Using a rich database of non-prime mortgages from New York City, we find that census tract level neighborhood characteristics are important predictors of default behavior, even after controlling for an extensive set of controls for loan and borrower characteristics. First, default rates increase with the rate of foreclosure notices and the number of lender-owned properties (REOs) in the tract. Second, default rates on home purchase mortgages are higher in census tracts with larger shares of black residents, regardless of the borrower’s own race. We explore possible explanations for this second finding and conclude that it likely reflects differential treatment of black neighborhoods by the mortgage industry in ways that are unobserved in our data.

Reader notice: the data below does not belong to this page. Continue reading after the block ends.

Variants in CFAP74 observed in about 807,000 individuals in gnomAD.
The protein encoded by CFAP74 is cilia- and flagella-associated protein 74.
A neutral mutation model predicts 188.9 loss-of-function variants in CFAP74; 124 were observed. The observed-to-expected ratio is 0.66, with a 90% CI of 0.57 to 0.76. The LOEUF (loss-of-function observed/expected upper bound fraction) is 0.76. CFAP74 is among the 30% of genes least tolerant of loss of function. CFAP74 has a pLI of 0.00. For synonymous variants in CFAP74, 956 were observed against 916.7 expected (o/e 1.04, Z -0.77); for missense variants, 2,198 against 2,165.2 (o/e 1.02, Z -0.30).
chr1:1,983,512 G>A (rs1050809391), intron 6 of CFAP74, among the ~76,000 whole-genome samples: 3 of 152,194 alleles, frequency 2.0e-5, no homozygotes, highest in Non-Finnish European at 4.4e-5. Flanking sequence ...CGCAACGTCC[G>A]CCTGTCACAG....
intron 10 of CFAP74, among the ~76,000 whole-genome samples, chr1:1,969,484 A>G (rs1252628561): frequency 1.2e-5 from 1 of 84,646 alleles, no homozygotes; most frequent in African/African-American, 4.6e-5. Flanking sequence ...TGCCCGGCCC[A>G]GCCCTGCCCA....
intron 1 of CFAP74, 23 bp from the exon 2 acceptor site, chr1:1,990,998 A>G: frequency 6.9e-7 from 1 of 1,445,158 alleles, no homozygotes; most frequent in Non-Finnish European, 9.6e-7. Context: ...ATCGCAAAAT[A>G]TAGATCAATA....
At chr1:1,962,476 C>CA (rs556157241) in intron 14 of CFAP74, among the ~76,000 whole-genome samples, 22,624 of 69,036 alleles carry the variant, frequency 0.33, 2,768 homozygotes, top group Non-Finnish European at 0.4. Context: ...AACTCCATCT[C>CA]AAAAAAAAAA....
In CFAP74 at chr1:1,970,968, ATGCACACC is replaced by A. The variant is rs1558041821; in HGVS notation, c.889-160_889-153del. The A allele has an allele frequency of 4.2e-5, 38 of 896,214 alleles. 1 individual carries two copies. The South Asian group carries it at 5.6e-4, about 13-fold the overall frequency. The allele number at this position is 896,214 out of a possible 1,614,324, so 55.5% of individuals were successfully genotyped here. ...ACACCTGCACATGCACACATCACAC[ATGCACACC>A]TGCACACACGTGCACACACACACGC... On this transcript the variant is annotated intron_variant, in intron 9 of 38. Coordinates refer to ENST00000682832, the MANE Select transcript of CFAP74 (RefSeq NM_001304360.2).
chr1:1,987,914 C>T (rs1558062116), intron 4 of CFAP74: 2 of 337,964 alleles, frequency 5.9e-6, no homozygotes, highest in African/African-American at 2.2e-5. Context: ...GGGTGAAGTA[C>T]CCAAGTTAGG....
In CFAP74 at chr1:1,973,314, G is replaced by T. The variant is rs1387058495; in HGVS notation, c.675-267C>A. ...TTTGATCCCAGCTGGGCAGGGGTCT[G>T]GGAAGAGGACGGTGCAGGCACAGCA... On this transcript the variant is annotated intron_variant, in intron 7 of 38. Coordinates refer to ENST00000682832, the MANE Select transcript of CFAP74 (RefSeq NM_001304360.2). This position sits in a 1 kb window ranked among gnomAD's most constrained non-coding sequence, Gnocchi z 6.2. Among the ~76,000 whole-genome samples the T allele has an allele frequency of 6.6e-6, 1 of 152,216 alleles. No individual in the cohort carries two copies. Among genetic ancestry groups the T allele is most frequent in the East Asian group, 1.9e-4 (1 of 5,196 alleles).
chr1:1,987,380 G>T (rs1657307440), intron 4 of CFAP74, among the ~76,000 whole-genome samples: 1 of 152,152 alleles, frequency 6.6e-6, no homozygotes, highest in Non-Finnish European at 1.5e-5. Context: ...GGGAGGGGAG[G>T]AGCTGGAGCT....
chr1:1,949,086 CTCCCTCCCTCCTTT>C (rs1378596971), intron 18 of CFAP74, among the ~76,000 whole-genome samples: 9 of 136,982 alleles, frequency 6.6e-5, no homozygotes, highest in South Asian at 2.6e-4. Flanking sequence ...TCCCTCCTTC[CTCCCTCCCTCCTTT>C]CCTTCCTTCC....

Date of Authorship for this Version
mortgage, default, neighborhoods, race
Chan, Sewin; Gedal, Michael; Been, Vicki; and Haughwout, Andrew, "The Role of Neighborhood Characteristics in Mortgage Default Risk: Evidence from New York City" (2011). New York University Law and Economics Working Papers. 284.